The long term goal of lesson study as a professional development model is to enhance teachers’ content and pedagogical content knowledge and develop their capacities for designing and studying (researching) their own lessons. The expected output of a Lesson Study group is to develop a curriculum material in the form of a lesson plan. The process of developing the plan becomes a context for teachers to gain insights about how students think and learn the topic chosen and the discipline in general.
In my earlier post about Lesson Study I described what Lesson Study is and the Collaborative Lesson Research and Development project of UP NISMED about Lesson Study to find out if it will work in Philippines given its school realities. In this post I will describe my experience in facilitating a lesson study group of mathematics teachers all teaching Intermediate Algebra (Year 8 math). Our CLRD project introduces the first lesson study in their school. The discussion below shows how I “scaffolded” teachers learning of the LS process through a series of questions.
Like any project, Lesson Study starts with a goal.
1. Goal setting:
Although I wanted teachers to try the strategy Teaching through Problem Solving (TtPS), I didn’t want to impose it on them. So during the first meeting to identify the goal for our lesson study, I started with the following questions:
- What are some of the problems do you encounter in your mathematics class?
- What are some of your teaching problems in mathematics?
- What are some of your students learning difficulties in mathematics?
- What are some of the things you wish your students can do in your mathematics class?
My first question was too general. Identified concerns were about lack of textbooks, materials, absenteeism, students’ personal problems, lack of motivation, etc. These are problems that lesson study cannot solve except perhaps the problem on motivation. The second question was equally disastrous. I received a blank look. They don’t have teaching problems. It’s the students who have problems. Hence the third question. The students’ problem is that they are not learning their mathematics. This wasn’t very helpful. It’s too general for the purpose of lesson study. So I asked the fourth question. And Voila. The teachers said they wish their students could think! This was my cue. So I said, “that’s great, let’s put our heads together and design a lesson that would engage students in thinking and reasoning”.
2. Selecting the topic:
- What topic would you like to make a lesson about?
- What are the important ideas and skills should students learn about in this topic?
- What about mathematics will students learn from this lesson?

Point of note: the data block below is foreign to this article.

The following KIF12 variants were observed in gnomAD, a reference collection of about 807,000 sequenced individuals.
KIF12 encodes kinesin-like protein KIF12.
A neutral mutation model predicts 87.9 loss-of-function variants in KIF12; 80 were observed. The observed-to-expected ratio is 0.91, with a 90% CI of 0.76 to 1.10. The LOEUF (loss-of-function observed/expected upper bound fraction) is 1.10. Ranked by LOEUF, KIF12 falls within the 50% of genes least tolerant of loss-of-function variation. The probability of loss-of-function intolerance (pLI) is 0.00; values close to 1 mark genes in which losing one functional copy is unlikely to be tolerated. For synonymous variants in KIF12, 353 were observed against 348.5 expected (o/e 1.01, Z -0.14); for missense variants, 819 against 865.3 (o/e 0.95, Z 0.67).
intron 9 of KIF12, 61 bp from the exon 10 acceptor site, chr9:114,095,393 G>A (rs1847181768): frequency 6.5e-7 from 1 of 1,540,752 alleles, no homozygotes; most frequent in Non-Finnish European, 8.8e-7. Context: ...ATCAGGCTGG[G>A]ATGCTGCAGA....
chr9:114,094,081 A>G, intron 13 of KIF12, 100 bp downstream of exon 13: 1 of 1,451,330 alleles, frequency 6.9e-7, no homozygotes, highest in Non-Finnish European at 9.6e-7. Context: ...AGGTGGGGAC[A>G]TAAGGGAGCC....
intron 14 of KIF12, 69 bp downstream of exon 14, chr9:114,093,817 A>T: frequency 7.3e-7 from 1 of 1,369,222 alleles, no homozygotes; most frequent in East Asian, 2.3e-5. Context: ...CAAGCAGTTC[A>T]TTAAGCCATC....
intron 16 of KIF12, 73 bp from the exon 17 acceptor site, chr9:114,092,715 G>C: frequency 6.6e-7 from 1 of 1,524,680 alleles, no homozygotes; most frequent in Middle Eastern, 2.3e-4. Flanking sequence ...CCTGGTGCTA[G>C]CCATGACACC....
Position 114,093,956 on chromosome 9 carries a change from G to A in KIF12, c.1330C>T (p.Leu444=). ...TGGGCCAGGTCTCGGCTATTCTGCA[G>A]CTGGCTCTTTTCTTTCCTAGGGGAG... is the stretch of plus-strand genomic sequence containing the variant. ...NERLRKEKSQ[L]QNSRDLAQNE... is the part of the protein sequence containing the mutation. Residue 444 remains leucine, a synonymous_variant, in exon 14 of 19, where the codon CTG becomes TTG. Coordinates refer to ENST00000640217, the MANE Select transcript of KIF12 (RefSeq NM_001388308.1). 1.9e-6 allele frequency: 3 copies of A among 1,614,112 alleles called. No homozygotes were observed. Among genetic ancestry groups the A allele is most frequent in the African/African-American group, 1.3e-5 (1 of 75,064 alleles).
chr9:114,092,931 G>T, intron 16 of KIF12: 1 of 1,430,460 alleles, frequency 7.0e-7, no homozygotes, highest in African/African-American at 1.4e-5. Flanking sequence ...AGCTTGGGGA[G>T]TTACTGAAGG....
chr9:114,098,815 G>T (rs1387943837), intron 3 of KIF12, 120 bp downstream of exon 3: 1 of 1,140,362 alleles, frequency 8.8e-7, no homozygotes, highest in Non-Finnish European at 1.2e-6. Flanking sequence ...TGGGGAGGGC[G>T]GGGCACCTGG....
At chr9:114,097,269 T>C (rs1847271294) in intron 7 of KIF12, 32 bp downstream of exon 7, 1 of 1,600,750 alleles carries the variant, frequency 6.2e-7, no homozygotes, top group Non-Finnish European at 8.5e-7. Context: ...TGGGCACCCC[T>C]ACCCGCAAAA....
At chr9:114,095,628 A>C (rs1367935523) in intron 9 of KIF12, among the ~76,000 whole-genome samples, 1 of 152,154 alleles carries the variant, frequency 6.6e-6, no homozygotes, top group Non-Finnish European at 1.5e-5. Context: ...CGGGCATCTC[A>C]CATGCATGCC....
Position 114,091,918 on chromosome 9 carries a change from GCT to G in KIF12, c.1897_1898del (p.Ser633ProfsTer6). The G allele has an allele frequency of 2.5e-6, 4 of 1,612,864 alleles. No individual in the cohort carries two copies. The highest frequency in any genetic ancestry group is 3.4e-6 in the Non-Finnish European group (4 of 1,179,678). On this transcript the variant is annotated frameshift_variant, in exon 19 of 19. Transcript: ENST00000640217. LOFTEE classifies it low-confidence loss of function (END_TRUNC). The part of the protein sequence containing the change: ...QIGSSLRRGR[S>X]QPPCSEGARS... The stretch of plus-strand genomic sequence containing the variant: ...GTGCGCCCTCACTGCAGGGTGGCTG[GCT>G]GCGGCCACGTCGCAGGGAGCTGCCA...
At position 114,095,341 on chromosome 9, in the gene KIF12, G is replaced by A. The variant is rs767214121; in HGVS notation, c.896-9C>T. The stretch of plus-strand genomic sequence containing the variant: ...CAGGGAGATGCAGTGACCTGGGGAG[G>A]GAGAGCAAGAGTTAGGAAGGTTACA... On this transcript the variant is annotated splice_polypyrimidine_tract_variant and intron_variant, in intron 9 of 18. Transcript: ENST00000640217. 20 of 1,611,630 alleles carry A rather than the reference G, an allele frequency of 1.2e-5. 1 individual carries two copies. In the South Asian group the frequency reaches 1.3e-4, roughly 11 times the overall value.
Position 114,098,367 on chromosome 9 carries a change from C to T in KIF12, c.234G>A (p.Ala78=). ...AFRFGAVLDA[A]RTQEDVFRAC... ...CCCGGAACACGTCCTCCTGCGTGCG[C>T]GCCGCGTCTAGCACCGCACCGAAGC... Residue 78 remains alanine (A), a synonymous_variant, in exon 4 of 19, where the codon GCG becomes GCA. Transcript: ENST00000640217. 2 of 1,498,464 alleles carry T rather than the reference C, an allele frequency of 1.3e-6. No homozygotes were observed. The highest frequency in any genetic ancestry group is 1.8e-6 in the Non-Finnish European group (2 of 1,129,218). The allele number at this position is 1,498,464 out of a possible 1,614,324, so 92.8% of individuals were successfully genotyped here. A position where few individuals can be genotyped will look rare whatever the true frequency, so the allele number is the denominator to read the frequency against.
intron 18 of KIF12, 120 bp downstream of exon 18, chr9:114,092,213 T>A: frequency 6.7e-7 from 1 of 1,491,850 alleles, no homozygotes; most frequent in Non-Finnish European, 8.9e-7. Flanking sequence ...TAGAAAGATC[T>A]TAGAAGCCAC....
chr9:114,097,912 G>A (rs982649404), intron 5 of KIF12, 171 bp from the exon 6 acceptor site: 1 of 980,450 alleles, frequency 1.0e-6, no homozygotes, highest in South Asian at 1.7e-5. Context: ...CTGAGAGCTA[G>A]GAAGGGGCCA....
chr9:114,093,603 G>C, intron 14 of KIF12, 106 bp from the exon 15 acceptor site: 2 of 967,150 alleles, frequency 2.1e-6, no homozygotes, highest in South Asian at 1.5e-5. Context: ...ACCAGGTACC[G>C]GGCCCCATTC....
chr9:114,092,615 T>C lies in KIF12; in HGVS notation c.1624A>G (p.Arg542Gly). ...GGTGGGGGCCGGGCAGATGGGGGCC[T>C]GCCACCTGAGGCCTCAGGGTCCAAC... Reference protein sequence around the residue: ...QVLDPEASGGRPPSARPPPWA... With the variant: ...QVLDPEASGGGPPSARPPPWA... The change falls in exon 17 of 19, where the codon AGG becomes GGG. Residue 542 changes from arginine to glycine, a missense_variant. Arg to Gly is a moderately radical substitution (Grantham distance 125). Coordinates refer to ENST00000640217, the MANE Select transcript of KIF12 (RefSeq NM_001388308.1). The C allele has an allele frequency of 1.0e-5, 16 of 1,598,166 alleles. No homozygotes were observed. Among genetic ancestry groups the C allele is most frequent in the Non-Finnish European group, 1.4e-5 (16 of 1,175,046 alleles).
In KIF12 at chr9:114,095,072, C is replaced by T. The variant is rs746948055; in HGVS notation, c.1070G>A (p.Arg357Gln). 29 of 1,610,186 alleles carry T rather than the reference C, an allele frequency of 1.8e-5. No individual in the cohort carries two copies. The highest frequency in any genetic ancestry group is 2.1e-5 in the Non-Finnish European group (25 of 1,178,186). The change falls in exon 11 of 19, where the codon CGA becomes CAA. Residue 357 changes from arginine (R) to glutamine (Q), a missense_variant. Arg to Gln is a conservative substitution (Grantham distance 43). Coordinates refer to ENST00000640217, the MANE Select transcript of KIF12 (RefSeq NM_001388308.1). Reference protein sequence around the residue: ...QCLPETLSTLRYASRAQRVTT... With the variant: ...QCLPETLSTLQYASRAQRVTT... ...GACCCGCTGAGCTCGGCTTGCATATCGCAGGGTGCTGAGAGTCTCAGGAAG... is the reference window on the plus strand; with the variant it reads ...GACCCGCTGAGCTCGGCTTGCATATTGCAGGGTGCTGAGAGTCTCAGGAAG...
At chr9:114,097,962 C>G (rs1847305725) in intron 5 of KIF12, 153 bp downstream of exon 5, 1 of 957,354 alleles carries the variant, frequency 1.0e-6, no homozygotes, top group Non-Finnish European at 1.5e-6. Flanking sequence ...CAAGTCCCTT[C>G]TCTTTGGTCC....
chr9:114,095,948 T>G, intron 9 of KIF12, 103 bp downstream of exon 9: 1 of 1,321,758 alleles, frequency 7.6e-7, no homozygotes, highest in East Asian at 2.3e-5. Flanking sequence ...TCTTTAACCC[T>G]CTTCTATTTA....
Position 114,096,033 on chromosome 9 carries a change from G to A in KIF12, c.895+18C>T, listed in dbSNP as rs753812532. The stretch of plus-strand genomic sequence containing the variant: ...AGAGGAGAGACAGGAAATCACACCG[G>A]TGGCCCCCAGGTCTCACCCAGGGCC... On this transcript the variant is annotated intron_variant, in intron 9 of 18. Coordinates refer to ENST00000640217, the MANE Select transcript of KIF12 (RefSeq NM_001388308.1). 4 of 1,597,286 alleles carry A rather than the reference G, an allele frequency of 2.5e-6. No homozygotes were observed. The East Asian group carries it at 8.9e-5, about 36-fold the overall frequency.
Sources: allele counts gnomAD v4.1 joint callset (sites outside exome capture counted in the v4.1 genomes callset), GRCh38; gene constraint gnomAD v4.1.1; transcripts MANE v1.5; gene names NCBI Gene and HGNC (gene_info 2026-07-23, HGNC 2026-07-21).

- Why should students learn this topic? Can we just skip this lesson?
The first question was received with excitement. Everybody was talking. It only took a couple of minutes for them to agree on one topic. However, when I asked why they like the topic they said that it’s because they already have activities for it and students find learning the topic easy. While there isn’t anything wrong with this one I encouraged them to think of a topic that the students find difficult to understand or that which teachers find difficult to teach. I explained that there will be about 5 to 7 heads that will work on the plan so they might as well take advantage of it and select a topic that they find problematic and solve it together. And they did.
Questions for selecting teaching approach/strategy
- What kind of mathematical task will make students think?
- When do you give problem solving tasks and how do you get your students to do problem solving?
- Would you like to try teaching the unit using a problem that you give at the end? Would you like to try to develop a lesson using TtPS?
I got what I wanted with the first question but there was a “but”. The group said “of course, it’s problem solving but students don’t like to solve problems”. Hence I asked the second question. As I have expected, problem solving is given at the end of the unit and they admitted that most of the time they skip that part for lack of time. When they do have time, they will solve a sample problem first and then ask students to solve a similar problem to practice the method of solution. So I asked the group “Do you think the students are really thinking here?” They said “a little because they only need to follow the solution”. So when I asked if they would like to try TtPS they said “we could try”. These teachers attended an in-service training with us about TtPS but admitted that they did not use it in their teaching for reasons ranging from lack of resources, time constraint, and that it is hard to make a lesson using one. I said that with 5 to 7 heads working on a plan using TtPS, they just might be able to make one.
3. Designing and Implementing the lesson plan.
Here are the steps they we went through in developing the plan:
- We selected a problem found at the end of the unit.
- The teachers solved the problem in different ways. I asked them to try solving the problem intuitively and using students previously learned knowledge.
- The teachers tried the problem in the class to know students difficulties with it. Decided it needed an introductory activity to help students visualize the situation.
- Wrote the teaching plan. Tried it out. Discussed the result. Revised the plan. Implemented it again.
You can tell by the process we went through that lesson study is highly rooted in the principle of social constructivism.
I recommend this book by Catherine Lewis. It’s a valuable resource for conducting your own Lesson Study. I met the author in two separate Lesson Study conferences. She was keynote speaker in 2010 World Association of Lesson/Learning Study and she was also speaker in the APEC Tsukuba Conference V in Japan. She is actively promoting LS in the US.